The Atlanta Explorer project involves building geospatial databases, geocoding tools, and eventually an interactive virtual city for post Civil War Atlanta to 1940.
The project presents broad potential for urban studies projects to understand the built environment and social history and for using crowd-sourced information about particular sites and structures. It brings together students, staff, and faculty, from Emory and Georgia State University as students get hands-on experience with geospatial data creation, database programming, and 3D modeling and get to work on a large-scale, multi-year open source, open data project.
Aspects of this project include:
- Atlanta Geodatabases: Geospatial data structures (geodatabases) have been built from two key information sources -- an 1878 map of Atlanta and a 1928 map of Atlanta.
- Atlanta Historical Geocoders: A geocoder turns a list of street addresses into points on the map with corresponding geospatial coordinates. The first historical geocoding tool was completed for the year 1928. Currently in production is 1929 and on the slate are all available city directories from post Civil War to 1940.
- Atlanta Historic Maps: All historic maps and aerial photographs are curated by the Stuart A. Rose Manuscript, Archives, and Rare Book Library's Historical Map Collection.
- Atlanta Explorer Interactive: 3-Dimensional models are being built for use in both ArcGIS CityEngine and in Unity.
- Watch an early promotional video about the project's first stage.
Department of Environmental Sciences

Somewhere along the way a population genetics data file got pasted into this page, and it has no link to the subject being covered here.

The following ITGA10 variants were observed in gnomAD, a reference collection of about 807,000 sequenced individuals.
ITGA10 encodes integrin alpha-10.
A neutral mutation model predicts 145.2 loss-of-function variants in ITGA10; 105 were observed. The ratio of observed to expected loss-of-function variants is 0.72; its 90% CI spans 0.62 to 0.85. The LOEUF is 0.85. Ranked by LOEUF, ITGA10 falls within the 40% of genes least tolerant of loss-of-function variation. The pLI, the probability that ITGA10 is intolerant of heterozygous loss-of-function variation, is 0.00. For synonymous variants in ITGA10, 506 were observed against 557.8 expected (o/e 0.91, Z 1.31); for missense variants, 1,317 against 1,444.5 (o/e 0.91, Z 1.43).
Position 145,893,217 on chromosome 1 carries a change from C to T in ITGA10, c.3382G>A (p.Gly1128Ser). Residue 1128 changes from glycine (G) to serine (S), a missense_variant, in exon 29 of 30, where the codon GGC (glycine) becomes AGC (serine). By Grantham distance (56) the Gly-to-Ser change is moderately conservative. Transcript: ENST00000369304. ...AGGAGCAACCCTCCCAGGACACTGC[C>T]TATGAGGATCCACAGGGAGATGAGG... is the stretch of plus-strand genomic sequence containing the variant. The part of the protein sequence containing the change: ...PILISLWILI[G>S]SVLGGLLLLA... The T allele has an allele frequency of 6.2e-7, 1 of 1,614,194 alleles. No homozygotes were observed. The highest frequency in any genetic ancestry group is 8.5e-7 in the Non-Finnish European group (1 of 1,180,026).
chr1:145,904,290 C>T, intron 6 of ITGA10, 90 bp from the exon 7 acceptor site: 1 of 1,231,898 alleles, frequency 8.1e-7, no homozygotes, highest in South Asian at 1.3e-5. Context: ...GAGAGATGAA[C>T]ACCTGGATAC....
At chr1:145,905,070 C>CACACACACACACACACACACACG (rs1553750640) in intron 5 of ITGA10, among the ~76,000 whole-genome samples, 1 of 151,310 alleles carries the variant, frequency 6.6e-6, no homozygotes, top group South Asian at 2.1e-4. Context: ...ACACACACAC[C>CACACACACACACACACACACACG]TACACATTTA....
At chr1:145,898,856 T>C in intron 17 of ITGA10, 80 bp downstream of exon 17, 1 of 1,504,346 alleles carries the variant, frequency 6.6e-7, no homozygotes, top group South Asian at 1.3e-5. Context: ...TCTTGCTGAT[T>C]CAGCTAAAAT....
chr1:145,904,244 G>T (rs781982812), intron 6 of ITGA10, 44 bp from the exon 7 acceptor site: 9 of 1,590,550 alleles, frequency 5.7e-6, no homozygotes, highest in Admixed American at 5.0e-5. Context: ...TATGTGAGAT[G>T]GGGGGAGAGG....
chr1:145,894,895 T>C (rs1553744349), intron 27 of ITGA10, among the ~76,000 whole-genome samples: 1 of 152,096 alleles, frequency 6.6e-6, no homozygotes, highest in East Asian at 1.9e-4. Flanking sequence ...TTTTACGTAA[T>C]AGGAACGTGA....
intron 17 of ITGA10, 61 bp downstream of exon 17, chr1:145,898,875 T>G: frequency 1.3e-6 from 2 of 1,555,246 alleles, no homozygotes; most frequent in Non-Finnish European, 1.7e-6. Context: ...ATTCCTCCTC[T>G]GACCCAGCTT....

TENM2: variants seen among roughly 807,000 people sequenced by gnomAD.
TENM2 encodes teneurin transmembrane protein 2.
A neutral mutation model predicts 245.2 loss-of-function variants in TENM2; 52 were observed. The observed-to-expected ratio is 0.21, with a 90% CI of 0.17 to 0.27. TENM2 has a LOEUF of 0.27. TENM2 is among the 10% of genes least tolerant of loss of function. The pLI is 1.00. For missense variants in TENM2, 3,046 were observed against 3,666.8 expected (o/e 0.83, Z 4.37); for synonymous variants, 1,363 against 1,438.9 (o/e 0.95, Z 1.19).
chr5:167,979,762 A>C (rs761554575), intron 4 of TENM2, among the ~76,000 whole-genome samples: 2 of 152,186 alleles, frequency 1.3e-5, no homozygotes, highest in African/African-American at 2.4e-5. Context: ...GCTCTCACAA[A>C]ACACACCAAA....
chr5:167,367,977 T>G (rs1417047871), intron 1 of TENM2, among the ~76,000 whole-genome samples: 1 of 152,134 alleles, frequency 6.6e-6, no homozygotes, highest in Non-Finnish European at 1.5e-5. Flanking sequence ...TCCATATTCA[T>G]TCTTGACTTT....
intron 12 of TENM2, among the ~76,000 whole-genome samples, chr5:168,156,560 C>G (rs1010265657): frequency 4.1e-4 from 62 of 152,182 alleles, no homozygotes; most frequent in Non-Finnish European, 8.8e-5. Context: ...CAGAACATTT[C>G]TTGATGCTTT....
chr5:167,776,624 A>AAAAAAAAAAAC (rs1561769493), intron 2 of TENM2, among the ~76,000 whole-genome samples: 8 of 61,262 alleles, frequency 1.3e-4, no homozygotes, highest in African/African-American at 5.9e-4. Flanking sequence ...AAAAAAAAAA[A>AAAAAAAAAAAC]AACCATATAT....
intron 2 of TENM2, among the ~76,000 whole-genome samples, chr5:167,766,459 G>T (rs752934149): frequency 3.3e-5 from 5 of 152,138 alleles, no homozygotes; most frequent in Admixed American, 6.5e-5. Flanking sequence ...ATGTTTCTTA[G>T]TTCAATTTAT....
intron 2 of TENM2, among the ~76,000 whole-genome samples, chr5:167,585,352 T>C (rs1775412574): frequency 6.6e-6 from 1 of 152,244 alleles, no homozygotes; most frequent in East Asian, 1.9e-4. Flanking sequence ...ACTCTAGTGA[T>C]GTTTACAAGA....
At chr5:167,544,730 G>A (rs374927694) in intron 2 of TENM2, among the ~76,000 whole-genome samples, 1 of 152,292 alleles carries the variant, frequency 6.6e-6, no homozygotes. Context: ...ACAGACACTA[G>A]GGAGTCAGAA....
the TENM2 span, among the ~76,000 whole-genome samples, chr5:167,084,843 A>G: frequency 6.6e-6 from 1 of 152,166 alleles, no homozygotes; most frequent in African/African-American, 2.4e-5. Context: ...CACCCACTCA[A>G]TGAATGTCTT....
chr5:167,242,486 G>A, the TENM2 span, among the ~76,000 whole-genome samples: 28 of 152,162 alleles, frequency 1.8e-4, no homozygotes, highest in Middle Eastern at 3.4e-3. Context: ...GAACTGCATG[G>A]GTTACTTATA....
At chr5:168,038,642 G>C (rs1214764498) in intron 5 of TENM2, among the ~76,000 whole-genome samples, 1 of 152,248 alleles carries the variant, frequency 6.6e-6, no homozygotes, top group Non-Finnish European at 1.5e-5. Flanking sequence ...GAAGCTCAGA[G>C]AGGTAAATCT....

Library and Information Technology Services (LITS)
Stuart A. Rose Manuscript, Archives, and Rare Book Library
|Additional Partners||Georgia State University|
ArcGIS Desktop and CityEngine
ECDS projects advance Emory University's mission through research, pedagogy, publishing, and public scholarship.
|Research||The Atlanta Explorer Project seeks to bring together students and researchers from area universities to create interactive models and historical databases of Atlanta. Emory's strategic initiatives include engaging in research and community-building partnerships with the Atlanta community.|
|Pedagogy||Students engaged in the production of geospatial data, geocoding, and 3D modeling aspects of the project learn essential skills in applying what they learn in the classroom to a real-world digital project. These student-built resources can then be used in individual research or for teaching about Atlanta as a city during this period.|
|Public Scholarship||Atlanta Explorer seeks to produce geodatabases, geocoding tools, and interactive experiences for both scholars and the public. The geospatial data produced will be made available to the public to either explore online or to download for use in a geographic information system (GIS). The geocoding tools will serve as an information source to provide descriptive information about the buildings in both GIS and the interactive content.|